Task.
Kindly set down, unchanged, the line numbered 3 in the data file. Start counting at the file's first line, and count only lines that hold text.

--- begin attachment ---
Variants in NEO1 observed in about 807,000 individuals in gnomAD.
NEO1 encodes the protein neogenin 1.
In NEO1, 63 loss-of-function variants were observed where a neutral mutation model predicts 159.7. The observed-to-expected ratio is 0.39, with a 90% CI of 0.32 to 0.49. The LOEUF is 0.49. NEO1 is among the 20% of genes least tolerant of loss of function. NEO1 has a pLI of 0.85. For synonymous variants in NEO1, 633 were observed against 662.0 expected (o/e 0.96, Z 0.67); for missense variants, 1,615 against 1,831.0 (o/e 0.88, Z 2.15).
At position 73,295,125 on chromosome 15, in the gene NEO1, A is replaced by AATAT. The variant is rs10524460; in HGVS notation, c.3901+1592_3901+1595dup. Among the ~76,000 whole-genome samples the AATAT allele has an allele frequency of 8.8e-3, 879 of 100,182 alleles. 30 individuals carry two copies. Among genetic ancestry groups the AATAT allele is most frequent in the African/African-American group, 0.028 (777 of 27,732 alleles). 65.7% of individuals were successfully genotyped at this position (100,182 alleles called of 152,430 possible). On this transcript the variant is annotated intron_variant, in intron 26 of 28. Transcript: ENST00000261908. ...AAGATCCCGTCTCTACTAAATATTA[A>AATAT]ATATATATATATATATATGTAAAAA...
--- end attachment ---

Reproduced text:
In NEO1, 63 loss-of-function variants were observed where a neutral mutation model predicts 159.7. The observed-to-expected ratio is 0.39, with a 90% CI of 0.32 to 0.49. The LOEUF is 0.49. NEO1 is among the 20% of genes least tolerant of loss of function. NEO1 has a pLI of 0.85. For synonymous variants in NEO1, 633 were observed against 662.0 expected (o/e 0.96, Z 0.67); for missense variants, 1,615 against 1,831.0 (o/e 0.88, Z 2.15).